U.S. intelligence officials have received threats that terrorists will strike a U.S. nuclear power plant July 4, and are reviewing the information to determine whether it is reliable.

The government is taking the threats seriously, though officials have preliminarily determined that the information is not credible enough to act upon, said officials familiar with the investigation.

The officials, who spoke on condition of anonymity, said the alleged plot to attack on America's celebration of independence is one of scores of threats filtering through U.S. intelligence and is not considered serious enough to formally warn the public or change the nuclear industry's already high level of alert.

The threat received last week suggested that an unidentified Islamic terrorist group was planning to attack a nuclear power facility in the Northeast, officials said. It did not specify a target.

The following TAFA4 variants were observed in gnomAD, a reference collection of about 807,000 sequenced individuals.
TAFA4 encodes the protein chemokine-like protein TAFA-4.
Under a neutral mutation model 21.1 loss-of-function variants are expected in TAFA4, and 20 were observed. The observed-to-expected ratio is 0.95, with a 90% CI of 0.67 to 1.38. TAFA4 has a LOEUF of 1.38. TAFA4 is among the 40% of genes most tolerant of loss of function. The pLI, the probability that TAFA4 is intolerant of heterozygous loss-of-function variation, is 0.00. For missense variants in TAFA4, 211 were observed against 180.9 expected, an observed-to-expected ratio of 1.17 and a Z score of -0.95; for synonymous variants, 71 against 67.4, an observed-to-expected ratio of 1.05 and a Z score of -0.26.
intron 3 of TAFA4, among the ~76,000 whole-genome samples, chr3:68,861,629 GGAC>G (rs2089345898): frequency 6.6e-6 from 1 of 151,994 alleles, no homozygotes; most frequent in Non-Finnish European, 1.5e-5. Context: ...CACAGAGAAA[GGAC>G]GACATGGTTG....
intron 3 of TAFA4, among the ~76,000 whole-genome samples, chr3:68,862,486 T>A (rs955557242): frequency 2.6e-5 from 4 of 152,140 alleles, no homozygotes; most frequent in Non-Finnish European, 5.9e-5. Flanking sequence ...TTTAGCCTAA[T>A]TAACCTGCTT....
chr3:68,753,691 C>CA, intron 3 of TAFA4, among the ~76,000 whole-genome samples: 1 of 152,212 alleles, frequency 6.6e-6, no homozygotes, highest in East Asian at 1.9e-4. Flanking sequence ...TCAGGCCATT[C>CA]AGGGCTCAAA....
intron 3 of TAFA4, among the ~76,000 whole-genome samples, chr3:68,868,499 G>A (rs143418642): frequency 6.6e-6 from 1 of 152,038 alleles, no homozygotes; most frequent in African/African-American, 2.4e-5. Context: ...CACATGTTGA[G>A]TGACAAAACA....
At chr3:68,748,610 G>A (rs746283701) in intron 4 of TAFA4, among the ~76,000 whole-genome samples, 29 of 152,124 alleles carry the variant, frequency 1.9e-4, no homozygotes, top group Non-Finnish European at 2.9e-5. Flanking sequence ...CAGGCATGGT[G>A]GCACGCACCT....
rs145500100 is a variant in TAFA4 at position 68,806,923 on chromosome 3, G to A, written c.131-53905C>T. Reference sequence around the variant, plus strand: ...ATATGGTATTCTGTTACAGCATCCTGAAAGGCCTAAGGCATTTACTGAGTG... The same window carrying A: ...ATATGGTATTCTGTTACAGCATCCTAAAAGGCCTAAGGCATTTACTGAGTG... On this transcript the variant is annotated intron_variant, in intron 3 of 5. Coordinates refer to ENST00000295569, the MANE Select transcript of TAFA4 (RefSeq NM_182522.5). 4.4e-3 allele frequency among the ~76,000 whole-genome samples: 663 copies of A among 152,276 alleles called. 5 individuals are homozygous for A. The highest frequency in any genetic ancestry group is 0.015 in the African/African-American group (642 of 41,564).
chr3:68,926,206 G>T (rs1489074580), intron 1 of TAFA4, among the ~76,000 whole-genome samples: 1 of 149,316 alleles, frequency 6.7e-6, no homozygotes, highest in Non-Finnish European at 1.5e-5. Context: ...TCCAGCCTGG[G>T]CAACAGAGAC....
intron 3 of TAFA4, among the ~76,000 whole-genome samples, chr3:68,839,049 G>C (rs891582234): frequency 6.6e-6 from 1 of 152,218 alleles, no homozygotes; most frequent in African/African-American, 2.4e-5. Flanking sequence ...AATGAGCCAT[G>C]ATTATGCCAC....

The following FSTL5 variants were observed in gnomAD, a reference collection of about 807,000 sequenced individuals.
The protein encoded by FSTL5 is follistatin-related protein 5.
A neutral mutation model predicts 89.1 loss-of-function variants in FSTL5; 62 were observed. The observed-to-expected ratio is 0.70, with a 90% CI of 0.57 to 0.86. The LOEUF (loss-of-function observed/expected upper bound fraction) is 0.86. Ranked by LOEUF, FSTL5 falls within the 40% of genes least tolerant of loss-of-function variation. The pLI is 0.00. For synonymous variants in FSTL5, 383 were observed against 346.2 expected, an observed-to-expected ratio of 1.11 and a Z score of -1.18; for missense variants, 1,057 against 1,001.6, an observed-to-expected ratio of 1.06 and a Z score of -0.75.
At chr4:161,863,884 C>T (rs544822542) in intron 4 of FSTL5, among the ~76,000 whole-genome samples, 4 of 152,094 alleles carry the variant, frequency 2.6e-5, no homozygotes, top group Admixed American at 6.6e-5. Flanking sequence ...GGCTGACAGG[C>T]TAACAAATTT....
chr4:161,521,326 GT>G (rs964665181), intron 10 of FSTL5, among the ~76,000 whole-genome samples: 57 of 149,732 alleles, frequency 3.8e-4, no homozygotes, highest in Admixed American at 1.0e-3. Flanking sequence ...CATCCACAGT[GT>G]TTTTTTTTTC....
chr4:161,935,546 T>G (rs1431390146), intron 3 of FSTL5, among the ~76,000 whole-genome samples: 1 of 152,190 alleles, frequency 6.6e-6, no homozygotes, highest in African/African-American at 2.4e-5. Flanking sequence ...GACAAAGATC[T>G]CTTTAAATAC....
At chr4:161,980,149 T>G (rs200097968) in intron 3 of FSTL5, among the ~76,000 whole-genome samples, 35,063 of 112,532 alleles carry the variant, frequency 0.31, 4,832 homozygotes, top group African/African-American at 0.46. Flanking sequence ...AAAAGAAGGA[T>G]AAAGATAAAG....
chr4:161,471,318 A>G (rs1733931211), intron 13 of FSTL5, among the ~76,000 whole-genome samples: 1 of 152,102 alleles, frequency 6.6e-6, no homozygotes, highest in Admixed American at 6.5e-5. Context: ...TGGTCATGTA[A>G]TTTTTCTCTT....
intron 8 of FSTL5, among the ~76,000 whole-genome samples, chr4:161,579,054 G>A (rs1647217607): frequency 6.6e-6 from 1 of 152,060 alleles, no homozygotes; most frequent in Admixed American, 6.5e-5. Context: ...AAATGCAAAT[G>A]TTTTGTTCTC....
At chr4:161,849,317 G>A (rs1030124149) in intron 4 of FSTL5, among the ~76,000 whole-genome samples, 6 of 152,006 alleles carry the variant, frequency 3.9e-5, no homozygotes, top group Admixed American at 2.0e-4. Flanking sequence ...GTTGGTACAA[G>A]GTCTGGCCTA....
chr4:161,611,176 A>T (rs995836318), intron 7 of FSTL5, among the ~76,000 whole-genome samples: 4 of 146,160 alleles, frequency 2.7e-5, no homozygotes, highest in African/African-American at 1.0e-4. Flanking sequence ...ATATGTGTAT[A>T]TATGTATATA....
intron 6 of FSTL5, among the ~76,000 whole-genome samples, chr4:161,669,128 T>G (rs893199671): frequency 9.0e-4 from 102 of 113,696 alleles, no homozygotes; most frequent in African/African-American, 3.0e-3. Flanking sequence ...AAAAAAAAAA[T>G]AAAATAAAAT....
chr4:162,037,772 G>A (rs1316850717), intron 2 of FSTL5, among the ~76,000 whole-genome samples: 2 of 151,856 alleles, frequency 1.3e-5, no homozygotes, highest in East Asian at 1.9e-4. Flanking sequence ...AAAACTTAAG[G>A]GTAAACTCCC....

Unlike some other recent threat information, the power plant threat did not come from Abu Zubaydah, the senior Al Qaeda operational leader in U.S. custody. Abu Zubaydah's interviews with U.S. interrogators led a recent warning to banks, and heightened concerns Al Qaeda was developing a radiation-spreading dirty bomb.

Rep. Edward Markey of Massachusetts, a senior Democrat on the House Energy Committee, said that while he didn't know if the threat was credible, it indicated that "Al Qaeda is seriously targeting U.S. nuclear facilities for future attacks."

He said he is urging the Nuclear Regulatory Commission to take such steps as restoring a no-fly zone within a 10-mile radius of nuclear plants, federalizing the security force and conducting more extensive background checks of all plant employees.

The Washington Times first reported the threat.